The U.S. Treasury Department and Office of Foreign Assets Control (OFAC) of removed sanctions on shipping tanker COSCO Dalian on Jan. 31.
On Sept. 25, 2019, OFAC designated COSCO Dalian and a second vessel from China’s largest shipping company on the Specially Designated Nationals and Blocked Persons List for transporting Iranian crude oil to China.
That had an enormous and immediate impact on the oil and shipping industries since a handful of COSCO subsidiaries and dozens of vessels were also considered sanctioned by OFAC and effectively removed from the petroleum shipping market.
“OFAC hasn’t announced the policy rationale yet, but [it] likely resulted from receiving credible assurances that the Chinese company would no longer ship Iranian oil,” observes Beau Barnes, an attorney at the global firm Kobre & Kim. “The speed of the removal is lightning fast by OFAC’s standards, and likely stems from the company’s critical role in the global supply chain.”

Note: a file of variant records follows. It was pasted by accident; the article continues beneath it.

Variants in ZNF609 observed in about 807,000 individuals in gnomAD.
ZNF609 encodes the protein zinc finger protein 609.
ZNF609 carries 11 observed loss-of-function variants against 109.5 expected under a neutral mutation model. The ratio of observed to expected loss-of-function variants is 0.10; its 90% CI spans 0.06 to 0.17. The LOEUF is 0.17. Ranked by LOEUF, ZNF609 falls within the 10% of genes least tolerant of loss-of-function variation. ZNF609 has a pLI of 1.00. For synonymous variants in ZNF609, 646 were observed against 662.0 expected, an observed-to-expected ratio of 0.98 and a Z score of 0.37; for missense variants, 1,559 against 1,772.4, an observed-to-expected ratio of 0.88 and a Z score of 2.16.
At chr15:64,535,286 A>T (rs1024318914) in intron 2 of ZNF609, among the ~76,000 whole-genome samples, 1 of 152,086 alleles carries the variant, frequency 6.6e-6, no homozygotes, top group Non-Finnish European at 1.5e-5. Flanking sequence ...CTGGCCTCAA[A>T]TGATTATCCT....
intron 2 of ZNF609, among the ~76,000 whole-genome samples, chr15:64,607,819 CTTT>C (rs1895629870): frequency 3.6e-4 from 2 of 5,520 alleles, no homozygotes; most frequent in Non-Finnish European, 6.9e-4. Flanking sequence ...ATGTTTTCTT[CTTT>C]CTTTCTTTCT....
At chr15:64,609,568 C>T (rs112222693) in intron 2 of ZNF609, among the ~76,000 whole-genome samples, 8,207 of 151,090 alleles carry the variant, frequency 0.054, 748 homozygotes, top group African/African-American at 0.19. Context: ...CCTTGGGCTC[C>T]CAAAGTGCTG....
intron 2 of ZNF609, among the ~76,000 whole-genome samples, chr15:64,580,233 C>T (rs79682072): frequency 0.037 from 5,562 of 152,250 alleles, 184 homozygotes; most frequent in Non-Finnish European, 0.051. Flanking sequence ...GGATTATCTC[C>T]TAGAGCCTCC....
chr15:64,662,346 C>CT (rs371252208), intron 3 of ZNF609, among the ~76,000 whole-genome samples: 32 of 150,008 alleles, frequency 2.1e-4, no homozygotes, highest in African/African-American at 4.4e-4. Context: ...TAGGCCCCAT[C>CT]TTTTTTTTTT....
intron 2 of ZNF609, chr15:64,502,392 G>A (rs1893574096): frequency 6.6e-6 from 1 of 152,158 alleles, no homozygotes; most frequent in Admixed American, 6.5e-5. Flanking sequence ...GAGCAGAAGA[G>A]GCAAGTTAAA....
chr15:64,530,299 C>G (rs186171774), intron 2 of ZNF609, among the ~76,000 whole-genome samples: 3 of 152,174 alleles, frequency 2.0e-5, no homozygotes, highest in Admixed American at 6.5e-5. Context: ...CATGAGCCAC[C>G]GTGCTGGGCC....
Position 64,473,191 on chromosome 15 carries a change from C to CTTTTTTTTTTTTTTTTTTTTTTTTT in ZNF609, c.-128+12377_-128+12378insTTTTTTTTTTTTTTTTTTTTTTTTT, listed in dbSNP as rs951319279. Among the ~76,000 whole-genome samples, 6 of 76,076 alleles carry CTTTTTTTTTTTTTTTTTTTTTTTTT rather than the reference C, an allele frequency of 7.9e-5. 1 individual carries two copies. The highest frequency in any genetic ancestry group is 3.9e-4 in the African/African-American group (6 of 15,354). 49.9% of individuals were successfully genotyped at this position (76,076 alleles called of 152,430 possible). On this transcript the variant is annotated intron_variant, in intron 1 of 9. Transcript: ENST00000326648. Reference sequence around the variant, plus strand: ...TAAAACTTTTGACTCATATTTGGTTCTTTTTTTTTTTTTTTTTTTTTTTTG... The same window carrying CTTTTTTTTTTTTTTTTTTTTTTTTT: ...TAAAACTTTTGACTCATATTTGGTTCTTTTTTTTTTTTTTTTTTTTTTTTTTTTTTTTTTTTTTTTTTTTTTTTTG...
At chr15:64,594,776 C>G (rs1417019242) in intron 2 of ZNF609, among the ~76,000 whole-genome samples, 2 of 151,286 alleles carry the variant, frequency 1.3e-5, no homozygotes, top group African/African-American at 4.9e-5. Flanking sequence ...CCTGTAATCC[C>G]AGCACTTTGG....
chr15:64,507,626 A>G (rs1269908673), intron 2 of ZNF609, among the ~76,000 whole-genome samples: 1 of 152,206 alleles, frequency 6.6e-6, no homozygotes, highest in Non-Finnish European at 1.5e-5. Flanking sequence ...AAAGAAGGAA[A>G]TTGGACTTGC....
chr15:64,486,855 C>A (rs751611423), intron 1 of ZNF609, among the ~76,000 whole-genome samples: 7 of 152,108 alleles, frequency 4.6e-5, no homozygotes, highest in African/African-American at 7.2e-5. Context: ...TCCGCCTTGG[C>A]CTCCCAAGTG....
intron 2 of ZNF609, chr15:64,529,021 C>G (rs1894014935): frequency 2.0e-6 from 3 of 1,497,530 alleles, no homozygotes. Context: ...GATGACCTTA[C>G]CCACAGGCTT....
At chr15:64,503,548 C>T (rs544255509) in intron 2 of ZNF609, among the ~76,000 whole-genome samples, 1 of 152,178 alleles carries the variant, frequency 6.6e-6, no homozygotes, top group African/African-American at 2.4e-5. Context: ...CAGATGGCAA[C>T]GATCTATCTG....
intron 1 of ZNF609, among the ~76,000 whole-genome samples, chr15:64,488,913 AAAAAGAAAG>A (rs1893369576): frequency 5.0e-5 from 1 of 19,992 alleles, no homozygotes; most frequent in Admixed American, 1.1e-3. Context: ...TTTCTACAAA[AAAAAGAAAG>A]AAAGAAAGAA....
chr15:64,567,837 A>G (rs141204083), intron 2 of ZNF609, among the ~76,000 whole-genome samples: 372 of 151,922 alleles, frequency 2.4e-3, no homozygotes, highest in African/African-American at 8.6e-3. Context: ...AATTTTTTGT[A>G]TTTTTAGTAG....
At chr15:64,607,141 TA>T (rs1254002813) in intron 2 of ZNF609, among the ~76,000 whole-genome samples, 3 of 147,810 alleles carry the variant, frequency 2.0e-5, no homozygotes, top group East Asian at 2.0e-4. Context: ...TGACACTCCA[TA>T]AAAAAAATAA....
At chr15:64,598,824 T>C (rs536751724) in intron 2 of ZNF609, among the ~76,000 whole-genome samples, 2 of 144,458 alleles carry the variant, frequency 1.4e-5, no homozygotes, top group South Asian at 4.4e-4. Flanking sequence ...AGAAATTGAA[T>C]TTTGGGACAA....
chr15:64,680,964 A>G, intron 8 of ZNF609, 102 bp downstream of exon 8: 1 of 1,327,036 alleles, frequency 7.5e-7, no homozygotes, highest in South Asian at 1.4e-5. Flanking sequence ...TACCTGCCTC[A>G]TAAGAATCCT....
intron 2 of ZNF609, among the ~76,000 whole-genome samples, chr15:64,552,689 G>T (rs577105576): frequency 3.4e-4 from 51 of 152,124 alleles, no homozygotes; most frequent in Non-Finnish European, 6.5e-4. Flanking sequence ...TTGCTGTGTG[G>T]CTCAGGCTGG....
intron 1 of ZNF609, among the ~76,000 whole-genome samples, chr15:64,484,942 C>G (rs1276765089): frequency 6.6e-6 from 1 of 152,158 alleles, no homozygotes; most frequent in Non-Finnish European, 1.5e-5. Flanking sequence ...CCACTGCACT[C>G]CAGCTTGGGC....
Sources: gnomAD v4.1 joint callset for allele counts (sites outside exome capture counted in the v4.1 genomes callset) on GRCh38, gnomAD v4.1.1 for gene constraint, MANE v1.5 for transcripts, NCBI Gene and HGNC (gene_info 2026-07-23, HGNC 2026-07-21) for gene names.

Some have opined that ongoing U.S.-China trade talks played a role in the OFAC delisting.
“COSCO’s original designation had caused increased global tanker freight rates to increase, leading OFAC to issue two waivers to temporarily allow transactions with the company,” notes Barnes, who represents clients in white-collar criminal defense matters, investigations, regulatory actions and commercial litigation, with a particular focuses on matters related to national security, economic sanctions, export controls, economic espionage and cybersecurity.